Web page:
In Part 4 of Recognizing Good Parenting, I focused on another method of parenting—the average Asian-American parent. The results provided in Parts 5 through 8 in that series are impressive.
Well before Amy Chua and her essay in The Wall Street Journal then her memoir, Battle Hymn of the Tiger Mother, Asiance Magazine reported December 2009, “How (average) Asian-American parents raise successful children.
“What Chinese (Asian-American) parents understand is that nothing is fun until you’re good at it. To get good at anything you have to work, and children on their own never want to work, which is why it is crucial to override their preferences.
“This often requires fortitude on the part of the parents because the child will resist; things are always hardest at the beginning, which is where Western parents tend to give up.”
The author wrote, “Western friends (parents) who consider themselves strict make their children practice their instruments 30 minutes every day. An hour at most.
Kindergarten children – Is this the result of parents using old-world methods of parenting?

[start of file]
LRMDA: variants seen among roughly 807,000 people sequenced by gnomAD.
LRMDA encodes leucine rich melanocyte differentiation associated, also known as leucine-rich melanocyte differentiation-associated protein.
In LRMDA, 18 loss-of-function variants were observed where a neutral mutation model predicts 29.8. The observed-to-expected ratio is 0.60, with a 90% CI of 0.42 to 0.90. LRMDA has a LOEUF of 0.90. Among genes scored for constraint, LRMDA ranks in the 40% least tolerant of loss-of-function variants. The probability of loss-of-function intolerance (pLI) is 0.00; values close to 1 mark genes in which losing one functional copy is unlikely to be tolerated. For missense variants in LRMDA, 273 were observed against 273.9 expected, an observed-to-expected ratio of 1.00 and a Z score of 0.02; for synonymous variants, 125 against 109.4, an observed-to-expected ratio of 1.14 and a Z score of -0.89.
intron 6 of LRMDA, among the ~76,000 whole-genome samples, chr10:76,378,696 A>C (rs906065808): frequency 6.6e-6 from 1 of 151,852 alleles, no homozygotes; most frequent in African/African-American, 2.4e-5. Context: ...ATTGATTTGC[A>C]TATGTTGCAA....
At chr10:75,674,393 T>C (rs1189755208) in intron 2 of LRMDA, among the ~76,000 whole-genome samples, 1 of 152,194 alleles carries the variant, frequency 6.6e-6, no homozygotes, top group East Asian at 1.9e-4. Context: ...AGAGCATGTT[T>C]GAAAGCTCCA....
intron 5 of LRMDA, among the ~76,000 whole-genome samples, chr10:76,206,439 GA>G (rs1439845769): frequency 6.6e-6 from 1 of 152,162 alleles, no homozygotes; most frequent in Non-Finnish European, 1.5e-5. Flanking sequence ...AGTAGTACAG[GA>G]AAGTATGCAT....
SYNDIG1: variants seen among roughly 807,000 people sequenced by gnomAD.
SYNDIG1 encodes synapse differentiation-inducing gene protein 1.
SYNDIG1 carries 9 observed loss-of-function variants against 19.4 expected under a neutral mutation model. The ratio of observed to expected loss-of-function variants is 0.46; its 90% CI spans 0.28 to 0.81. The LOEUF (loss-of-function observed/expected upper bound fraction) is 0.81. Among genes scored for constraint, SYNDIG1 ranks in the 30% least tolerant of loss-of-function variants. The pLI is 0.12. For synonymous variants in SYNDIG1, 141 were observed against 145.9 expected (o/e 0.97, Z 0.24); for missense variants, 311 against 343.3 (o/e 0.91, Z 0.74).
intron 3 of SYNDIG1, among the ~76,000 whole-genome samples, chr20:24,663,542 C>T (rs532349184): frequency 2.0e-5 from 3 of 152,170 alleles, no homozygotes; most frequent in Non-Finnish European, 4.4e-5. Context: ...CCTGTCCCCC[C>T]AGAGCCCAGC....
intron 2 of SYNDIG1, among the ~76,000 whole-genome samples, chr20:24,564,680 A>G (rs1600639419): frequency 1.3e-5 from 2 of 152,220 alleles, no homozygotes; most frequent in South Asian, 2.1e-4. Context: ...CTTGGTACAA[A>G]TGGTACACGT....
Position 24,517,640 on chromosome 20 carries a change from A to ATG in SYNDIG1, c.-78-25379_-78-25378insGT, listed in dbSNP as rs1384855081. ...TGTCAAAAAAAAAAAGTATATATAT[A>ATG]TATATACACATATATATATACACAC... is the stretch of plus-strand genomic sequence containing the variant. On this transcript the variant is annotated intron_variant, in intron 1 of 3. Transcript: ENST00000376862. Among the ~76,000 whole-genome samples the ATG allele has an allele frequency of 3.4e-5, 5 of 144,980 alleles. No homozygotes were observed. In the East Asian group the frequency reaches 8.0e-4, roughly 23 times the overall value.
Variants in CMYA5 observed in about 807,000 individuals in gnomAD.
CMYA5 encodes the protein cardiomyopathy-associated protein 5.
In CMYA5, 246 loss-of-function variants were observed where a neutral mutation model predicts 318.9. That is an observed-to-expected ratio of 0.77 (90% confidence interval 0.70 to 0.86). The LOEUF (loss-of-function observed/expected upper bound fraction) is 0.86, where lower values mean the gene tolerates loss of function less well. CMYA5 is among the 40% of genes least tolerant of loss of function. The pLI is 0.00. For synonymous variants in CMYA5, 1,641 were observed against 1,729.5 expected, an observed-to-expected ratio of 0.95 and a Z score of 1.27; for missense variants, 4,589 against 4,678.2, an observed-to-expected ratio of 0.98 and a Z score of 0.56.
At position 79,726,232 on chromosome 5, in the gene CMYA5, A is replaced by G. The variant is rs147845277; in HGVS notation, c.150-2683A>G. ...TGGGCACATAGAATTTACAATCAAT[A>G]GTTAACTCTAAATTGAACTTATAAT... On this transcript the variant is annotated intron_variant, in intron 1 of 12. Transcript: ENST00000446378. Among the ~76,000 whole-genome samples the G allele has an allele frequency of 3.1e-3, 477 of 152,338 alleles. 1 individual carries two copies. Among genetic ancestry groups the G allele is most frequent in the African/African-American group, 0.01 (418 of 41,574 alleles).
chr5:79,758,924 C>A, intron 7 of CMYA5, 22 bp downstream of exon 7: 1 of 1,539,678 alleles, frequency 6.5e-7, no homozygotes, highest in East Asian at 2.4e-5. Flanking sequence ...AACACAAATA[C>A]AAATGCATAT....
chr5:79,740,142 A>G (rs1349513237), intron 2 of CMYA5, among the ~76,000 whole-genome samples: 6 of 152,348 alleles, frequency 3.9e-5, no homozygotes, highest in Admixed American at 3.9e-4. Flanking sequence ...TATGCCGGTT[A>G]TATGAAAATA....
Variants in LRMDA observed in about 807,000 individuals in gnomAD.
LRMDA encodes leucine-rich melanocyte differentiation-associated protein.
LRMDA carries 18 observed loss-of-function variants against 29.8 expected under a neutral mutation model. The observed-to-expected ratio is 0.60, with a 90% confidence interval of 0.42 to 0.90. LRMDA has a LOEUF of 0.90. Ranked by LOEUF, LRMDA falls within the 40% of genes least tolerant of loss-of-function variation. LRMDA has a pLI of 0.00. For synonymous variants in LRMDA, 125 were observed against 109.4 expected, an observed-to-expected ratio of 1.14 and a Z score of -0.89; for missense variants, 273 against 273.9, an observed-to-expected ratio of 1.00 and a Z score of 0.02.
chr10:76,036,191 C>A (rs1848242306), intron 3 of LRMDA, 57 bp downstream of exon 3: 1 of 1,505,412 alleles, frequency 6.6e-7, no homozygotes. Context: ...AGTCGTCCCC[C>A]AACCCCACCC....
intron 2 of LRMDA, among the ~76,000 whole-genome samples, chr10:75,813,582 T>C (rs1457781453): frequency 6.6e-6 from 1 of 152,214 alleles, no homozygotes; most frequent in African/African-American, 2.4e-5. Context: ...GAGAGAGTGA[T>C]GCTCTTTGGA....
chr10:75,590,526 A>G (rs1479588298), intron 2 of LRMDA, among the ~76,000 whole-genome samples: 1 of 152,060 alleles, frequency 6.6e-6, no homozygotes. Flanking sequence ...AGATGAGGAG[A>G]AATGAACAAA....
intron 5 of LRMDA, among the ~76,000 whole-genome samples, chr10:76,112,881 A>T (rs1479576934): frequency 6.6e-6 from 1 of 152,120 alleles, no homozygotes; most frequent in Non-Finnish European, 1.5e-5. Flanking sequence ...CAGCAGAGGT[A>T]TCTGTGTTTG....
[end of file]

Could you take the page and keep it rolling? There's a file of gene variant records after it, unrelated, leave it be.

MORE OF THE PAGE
“For a Chinese mother, the first hour is the easy part. It’s hours two and three that get tough.
“Chinese parents can order their kids to get straight As. Western parents can only ask their kids to try their best.”
Many of Amy Chua’s critics claim this description of the average Asian-American from Asiance Magazine is a stereotype and is wrong
However, Jean M. Twenge, Ph.D. writing in Psychology Today explains Why Chinese Mothers Really are Superior (on average). “It’s not stereotyping when it’s right.… Asian Americans have the lowest self-esteem of any ethnic group in the U.S., but achieve the best academic performance (and, among adults, the lowest unemployment rate)…
“On average,” Dr. Twenge says, “Asian parents use more discipline and insist upon hard work more than Western parents. And on average, their kids do better….”
In Part 9, take a test to discover how much of an “average” American parent you might be.
Lloyd Lofthouse is a former U.S. Marine and Vietnam Veteran.
His latest novel is the award winning Running with the Enemy. Blamed for a crime he did not commit while serving in Vietnam, his country considers him a traitor. Ethan Card is a loyal U.S. Marine desperate to prove his innocence or he will never go home again.
And the woman he loves and wants to save was trained to kill Americans.
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